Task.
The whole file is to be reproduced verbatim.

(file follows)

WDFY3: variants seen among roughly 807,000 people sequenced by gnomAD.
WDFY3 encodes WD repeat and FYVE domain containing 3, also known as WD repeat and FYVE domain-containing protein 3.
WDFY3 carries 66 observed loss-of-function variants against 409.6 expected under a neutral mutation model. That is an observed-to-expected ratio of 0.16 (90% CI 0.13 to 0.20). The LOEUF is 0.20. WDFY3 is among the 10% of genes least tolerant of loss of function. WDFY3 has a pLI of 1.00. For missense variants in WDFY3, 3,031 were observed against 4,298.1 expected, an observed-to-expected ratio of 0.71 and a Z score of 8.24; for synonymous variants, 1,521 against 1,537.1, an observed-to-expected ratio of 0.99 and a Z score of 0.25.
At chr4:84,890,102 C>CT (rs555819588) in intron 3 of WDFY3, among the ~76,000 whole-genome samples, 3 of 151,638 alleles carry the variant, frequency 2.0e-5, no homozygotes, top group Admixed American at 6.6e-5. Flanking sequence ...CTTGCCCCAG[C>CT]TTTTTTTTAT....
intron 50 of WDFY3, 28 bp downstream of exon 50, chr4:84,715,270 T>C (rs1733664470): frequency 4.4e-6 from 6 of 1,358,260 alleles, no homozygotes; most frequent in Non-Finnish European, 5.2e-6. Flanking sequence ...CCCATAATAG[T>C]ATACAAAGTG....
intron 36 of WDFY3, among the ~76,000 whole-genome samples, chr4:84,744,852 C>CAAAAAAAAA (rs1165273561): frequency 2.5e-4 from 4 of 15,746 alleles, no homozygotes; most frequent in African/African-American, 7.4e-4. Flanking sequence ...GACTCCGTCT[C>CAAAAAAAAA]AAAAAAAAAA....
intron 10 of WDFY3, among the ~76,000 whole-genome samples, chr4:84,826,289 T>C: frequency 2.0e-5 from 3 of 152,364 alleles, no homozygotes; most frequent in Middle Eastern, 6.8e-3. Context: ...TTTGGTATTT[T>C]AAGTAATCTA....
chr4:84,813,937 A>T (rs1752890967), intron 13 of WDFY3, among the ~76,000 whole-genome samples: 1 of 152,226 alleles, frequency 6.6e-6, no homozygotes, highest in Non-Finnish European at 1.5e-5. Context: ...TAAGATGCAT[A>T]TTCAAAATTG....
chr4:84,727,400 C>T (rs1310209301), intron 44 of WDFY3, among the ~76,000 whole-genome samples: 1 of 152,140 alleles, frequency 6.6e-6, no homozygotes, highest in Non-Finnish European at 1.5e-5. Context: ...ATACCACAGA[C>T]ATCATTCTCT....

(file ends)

WDFY3: variants seen among roughly 807,000 people sequenced by gnomAD.
WDFY3 encodes WD repeat and FYVE domain containing 3, also known as WD repeat and FYVE domain-containing protein 3.
WDFY3 carries 66 observed loss-of-function variants against 409.6 expected under a neutral mutation model. That is an observed-to-expected ratio of 0.16 (90% CI 0.13 to 0.20). The LOEUF is 0.20. WDFY3 is among the 10% of genes least tolerant of loss of function. WDFY3 has a pLI of 1.00. For missense variants in WDFY3, 3,031 were observed against 4,298.1 expected, an observed-to-expected ratio of 0.71 and a Z score of 8.24; for synonymous variants, 1,521 against 1,537.1, an observed-to-expected ratio of 0.99 and a Z score of 0.25.
At chr4:84,890,102 C>CT (rs555819588) in intron 3 of WDFY3, among the ~76,000 whole-genome samples, 3 of 151,638 alleles carry the variant, frequency 2.0e-5, no homozygotes, top group Admixed American at 6.6e-5. Flanking sequence ...CTTGCCCCAG[C>CT]TTTTTTTTAT....
intron 50 of WDFY3, 28 bp downstream of exon 50, chr4:84,715,270 T>C (rs1733664470): frequency 4.4e-6 from 6 of 1,358,260 alleles, no homozygotes; most frequent in Non-Finnish European, 5.2e-6. Flanking sequence ...CCCATAATAG[T>C]ATACAAAGTG....
intron 36 of WDFY3, among the ~76,000 whole-genome samples, chr4:84,744,852 C>CAAAAAAAAA (rs1165273561): frequency 2.5e-4 from 4 of 15,746 alleles, no homozygotes; most frequent in African/African-American, 7.4e-4. Flanking sequence ...GACTCCGTCT[C>CAAAAAAAAA]AAAAAAAAAA....
intron 10 of WDFY3, among the ~76,000 whole-genome samples, chr4:84,826,289 T>C: frequency 2.0e-5 from 3 of 152,364 alleles, no homozygotes; most frequent in Middle Eastern, 6.8e-3. Context: ...TTTGGTATTT[T>C]AAGTAATCTA....
chr4:84,813,937 A>T (rs1752890967), intron 13 of WDFY3, among the ~76,000 whole-genome samples: 1 of 152,226 alleles, frequency 6.6e-6, no homozygotes, highest in Non-Finnish European at 1.5e-5. Context: ...TAAGATGCAT[A>T]TTCAAAATTG....
chr4:84,727,400 C>T (rs1310209301), intron 44 of WDFY3, among the ~76,000 whole-genome samples: 1 of 152,140 alleles, frequency 6.6e-6, no homozygotes, highest in Non-Finnish European at 1.5e-5. Context: ...ATACCACAGA[C>T]ATCATTCTCT....